Are highways officers, or their political bosses, at Swindon Borough Council reluctant to bring in 20mph zones?

Ken Harvey believes they may be - he’s been trying to get something done about the speed of traffic in his street in Rodbourne, Cheney Manor Road, for years.

Mr Harvey said: “A lot of traffic uses our street – as a short cut, or a rat-run, to avoid the roundabout on Akers Way and to get to Vicarage Road.

“It’s very busy, and there are bad bends, where visibility is poor, and parked cars and a lot of the traffic travels down the road at silly speeds.

“There have been no fatalities, but there have been a lot of very, very near misses in the road here.”

Mr Harvey, as the chairman of the Rodbourne Green Residents Association, says he and the group have been asking for something to slow the traffic for years.

He said the group had asked for 20mph zoning, speed humps or other traffic calming measures, but added: “People don’t really like the speed humps because they don’t do their cars very good. We’d prefer to have a 20mph zone, or even to have a road closure"

“We’ve been asking for about 20 years, but for some reason the council has never acted on our request. It says that there’s no point if it can’t be policed or enforced. But there are a lot of areas in the town that have 20mph zones, like Roman Crescent and Springfield Road, and Beech Avenue has traffic calming. I don’t see why this road shouldn’t have it.”

At Thursday’s full council meeting Labour councillor for Rodbourne Cheney, Jim Grant will put forward a motion on 20mph zones.

It says: “This council is concerned that it is existing council practice to not agree to any new 20mph speed limit requests on specific roads in the borough, which have clear demonstrable support from ward councillors and the local community.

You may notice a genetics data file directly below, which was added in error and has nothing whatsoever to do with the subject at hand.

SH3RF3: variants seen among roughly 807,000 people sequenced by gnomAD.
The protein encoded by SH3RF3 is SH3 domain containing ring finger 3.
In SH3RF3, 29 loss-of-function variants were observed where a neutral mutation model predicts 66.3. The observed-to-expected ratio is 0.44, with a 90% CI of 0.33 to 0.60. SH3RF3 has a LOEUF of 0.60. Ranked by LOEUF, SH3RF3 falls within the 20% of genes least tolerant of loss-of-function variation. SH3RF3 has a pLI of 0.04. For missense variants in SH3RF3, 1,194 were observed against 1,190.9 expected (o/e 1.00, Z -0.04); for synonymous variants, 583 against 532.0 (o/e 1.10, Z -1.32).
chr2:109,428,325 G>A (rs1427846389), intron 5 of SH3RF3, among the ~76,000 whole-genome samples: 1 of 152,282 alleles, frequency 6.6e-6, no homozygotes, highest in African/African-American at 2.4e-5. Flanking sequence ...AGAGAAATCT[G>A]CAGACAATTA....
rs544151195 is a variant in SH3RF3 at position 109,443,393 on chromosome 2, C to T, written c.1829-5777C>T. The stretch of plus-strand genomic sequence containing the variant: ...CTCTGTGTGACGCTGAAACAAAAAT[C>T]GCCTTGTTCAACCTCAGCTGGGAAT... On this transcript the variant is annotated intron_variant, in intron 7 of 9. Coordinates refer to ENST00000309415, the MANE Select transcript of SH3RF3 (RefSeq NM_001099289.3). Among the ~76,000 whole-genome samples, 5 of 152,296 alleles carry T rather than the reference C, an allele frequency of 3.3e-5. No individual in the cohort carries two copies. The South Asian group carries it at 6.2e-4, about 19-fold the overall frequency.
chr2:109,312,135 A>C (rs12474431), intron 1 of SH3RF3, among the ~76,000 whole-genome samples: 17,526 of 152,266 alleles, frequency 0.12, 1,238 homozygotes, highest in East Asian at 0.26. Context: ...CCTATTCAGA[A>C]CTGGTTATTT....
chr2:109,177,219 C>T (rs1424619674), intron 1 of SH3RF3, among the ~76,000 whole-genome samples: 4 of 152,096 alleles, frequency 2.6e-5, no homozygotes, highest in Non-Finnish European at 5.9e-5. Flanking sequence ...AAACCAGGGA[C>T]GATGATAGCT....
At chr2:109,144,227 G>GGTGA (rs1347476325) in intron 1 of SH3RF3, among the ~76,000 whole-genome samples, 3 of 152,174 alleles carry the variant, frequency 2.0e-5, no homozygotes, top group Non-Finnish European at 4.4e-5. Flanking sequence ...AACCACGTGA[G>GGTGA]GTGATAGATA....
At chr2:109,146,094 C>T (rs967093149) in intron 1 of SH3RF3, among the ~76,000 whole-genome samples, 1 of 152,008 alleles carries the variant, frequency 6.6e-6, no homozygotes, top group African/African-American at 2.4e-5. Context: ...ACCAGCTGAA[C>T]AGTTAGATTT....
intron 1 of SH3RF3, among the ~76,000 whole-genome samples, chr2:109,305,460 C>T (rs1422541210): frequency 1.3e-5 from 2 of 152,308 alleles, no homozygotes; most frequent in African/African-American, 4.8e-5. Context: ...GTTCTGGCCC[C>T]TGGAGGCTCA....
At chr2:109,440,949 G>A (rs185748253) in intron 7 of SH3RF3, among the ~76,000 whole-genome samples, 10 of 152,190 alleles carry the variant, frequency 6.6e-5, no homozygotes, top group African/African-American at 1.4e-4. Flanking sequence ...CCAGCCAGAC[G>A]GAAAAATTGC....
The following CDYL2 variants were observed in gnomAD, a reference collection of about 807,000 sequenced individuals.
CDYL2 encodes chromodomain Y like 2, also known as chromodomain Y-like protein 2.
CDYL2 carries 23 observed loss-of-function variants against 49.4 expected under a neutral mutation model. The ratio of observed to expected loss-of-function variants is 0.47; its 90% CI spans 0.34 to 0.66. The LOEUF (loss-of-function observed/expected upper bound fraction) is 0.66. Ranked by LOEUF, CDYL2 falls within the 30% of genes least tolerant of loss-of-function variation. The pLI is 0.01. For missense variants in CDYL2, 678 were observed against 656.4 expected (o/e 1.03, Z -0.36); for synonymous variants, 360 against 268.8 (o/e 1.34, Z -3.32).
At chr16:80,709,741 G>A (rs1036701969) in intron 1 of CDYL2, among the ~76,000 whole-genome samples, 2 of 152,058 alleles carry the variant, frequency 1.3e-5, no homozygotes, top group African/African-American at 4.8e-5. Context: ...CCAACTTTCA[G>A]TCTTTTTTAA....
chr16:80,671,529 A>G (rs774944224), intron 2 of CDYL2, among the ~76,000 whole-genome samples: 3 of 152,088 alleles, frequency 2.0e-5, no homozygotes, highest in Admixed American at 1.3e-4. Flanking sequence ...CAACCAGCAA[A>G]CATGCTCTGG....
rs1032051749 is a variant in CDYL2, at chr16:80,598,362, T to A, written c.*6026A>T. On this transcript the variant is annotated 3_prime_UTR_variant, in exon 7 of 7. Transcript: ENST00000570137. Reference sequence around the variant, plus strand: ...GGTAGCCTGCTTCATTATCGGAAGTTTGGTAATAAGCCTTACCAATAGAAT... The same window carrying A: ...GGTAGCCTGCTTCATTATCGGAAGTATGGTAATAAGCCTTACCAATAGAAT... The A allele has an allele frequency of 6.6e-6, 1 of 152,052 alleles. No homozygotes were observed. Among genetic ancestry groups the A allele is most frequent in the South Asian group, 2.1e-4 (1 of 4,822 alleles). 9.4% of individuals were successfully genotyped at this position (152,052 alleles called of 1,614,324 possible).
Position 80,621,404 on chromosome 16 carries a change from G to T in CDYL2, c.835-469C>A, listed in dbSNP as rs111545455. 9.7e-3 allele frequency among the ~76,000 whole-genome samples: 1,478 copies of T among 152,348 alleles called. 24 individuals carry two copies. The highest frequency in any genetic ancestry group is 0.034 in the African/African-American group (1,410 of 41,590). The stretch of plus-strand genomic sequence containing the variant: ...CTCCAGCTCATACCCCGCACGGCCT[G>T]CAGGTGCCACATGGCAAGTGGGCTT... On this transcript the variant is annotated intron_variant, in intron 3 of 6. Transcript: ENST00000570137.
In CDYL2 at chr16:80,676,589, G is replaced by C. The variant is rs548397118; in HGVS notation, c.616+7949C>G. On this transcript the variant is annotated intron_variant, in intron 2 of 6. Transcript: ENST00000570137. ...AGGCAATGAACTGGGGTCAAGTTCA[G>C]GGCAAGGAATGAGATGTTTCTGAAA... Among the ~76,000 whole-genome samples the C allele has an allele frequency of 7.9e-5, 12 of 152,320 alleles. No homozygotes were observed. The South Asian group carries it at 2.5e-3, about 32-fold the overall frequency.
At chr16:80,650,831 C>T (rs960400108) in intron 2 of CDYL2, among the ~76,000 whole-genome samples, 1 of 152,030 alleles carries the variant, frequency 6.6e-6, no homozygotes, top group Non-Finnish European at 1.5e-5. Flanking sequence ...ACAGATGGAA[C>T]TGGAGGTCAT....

“It believes that 20mph speed limits should be introduced in roads and neighbourhoods which would like this and where it has the support of ward councillors and recognises the benefits to areas with 20mph speed limits, including to public safety and encouraging more physical activity, such as walking and cycling.”

The council’s policy on introducing 20mph zones is: “For a 20mph limit to be effective existing average speeds must be 24mph or lower, or else the introduction of traffic calming measures will be required. A 20mph limit will only be considered where: existing average traffic speeds are 24mph or lower, pedestrian and cycle movements are high, there is evidenced community support.”

If residents want traffic calming measures, such as speed humps or chicanes, and a lowered speed limit, the council says: "The introduction of a 20mph zone with traffic calming will only be considered where existing average speeds are below 30mph, there is a history of personal injury accidents, pedestrian and cycle movements are high, there is evidenced community support and the area does not include routes on the strategic road network."

Thursday's meeting starts at 7pm at the civic offices in Euclid Street.